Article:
College sports, as we once knew it, are finished. That’s the clear takeaway from the saga of 19-year-old Jaden Rashada, one of the nation’s top football recruits. Last summer, Rashada reportedly signed a $14 million NIL (“name, image and likeness”) contract with the Gator Collective, an unaffiliated booster club at the University of Florida. But when the club essentially reneged on the deal, Rashada ditched Florida for Arizona State. Until recently, of course, this bizarre recruiting adventure would have been unprecedented, not to mention illegal, under NCAA rules. But college sports have become a legal Wild West ever since players began agitating for compensation. Staggering multi-million dollar commitments and loophole-ridden contracts are just a preview of the chaotic changes to come.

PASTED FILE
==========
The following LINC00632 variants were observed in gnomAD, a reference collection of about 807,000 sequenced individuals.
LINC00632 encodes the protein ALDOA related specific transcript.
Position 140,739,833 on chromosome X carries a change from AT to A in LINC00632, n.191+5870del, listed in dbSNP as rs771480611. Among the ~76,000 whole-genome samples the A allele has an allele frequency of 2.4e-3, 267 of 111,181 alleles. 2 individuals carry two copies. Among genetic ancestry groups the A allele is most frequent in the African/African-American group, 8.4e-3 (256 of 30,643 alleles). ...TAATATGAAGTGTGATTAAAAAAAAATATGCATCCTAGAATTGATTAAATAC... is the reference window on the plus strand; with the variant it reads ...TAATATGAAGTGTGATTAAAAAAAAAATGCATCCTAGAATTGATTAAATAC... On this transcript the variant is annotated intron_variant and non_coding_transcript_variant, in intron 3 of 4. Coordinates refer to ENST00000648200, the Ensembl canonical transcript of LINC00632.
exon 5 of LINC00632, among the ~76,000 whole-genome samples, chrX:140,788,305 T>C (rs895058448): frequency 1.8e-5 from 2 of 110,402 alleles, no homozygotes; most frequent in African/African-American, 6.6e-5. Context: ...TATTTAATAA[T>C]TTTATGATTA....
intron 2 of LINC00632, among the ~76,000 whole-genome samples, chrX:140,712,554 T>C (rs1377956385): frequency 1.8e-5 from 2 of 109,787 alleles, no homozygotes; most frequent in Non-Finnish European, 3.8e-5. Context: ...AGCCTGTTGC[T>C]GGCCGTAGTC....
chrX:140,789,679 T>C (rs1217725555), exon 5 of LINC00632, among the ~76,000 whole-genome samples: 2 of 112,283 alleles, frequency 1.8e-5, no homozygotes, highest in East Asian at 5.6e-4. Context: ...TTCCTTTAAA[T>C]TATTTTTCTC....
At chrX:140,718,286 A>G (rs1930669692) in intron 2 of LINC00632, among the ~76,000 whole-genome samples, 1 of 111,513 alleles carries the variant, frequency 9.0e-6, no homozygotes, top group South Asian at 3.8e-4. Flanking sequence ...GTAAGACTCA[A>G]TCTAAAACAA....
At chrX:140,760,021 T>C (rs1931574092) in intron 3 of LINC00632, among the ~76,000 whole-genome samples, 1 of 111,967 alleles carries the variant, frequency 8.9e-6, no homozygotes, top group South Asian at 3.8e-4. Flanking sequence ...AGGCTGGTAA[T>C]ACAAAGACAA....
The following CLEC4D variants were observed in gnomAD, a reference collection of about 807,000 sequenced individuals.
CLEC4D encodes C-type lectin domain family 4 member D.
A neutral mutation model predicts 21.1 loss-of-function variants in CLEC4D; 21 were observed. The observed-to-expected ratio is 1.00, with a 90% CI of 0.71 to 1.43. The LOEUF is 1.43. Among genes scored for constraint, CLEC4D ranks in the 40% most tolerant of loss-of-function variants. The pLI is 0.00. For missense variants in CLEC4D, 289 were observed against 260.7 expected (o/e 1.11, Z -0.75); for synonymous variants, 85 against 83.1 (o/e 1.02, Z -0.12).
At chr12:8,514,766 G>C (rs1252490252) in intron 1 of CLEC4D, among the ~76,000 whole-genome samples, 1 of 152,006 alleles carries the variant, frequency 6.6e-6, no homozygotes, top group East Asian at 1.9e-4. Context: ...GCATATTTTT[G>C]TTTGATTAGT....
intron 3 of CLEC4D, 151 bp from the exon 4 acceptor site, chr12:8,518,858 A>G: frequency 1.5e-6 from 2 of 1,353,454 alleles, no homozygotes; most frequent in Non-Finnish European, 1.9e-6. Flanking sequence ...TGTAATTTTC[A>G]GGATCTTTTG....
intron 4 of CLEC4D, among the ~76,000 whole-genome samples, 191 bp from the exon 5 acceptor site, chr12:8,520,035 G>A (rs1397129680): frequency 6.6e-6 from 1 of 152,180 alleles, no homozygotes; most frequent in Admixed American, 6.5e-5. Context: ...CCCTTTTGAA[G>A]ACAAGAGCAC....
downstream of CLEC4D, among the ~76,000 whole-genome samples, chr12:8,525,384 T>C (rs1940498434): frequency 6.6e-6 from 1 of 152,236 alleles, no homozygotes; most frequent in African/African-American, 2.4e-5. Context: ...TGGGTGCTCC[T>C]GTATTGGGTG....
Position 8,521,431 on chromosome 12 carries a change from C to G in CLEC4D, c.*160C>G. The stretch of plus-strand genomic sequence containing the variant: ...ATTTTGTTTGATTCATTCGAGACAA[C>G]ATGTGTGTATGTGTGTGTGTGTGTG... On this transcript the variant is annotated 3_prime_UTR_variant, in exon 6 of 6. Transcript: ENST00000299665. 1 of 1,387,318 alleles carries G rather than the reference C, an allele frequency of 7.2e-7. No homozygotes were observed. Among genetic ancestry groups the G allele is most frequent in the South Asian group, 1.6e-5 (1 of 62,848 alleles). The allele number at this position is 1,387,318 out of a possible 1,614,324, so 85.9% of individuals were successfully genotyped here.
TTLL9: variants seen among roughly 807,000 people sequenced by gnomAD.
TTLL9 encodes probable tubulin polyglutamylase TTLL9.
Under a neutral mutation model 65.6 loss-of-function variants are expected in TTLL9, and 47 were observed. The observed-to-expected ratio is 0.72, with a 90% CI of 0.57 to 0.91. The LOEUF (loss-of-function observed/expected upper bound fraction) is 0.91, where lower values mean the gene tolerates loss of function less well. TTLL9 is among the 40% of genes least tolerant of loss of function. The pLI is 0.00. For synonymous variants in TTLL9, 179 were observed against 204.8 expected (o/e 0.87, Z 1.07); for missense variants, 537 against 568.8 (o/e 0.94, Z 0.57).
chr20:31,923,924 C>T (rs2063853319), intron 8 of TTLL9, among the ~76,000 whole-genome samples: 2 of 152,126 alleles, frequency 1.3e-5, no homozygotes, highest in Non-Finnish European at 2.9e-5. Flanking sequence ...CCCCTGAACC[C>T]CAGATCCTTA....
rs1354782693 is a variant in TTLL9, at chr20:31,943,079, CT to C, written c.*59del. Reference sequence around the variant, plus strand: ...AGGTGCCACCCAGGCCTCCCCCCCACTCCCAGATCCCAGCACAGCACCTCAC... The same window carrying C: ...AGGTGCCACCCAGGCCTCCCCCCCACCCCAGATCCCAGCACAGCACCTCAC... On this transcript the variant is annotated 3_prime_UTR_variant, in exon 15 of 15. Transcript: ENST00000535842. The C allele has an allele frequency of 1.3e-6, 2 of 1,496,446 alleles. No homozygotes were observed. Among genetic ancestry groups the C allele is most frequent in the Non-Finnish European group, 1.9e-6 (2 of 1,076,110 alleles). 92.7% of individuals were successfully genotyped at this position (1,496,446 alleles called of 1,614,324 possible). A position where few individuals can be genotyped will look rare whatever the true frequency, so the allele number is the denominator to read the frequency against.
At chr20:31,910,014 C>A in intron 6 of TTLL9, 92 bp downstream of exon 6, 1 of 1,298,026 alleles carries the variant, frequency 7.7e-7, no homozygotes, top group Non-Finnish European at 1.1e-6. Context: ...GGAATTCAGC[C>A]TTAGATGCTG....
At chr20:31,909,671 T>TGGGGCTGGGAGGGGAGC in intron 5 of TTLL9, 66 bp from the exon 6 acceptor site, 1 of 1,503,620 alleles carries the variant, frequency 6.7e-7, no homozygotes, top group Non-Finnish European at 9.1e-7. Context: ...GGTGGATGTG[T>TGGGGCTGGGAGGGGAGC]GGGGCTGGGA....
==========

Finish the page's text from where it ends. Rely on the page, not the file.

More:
Two years ago, after all, the Supreme Court delivered an earthquake when the justices unanimously ruled in NCAA v. Alston that the billion-dollar NCAA isn’t immune to antitrust laws just because of some cherished tradition around “amateurism.” The justices shut down the NCAA’s justification for limiting education-related benefits that if schools began compensating athletes, the public could lose interest in its product. Afterwards, taking the hint that student-athletes would inevitably be paid, the NCAA issued tentative guidelines for athletes to accept sponsorship deals without blatant pay-for-play arrangements. But the awkward reality is that it’s nearly impossible to distinguish between legitimate and illegitimate payments, especially when the NCAA, soon to be led by former Massachusetts Governor Charlie Baker, suddenly seems hesitant to enforce standards. In short, this won’t stave off the revolution.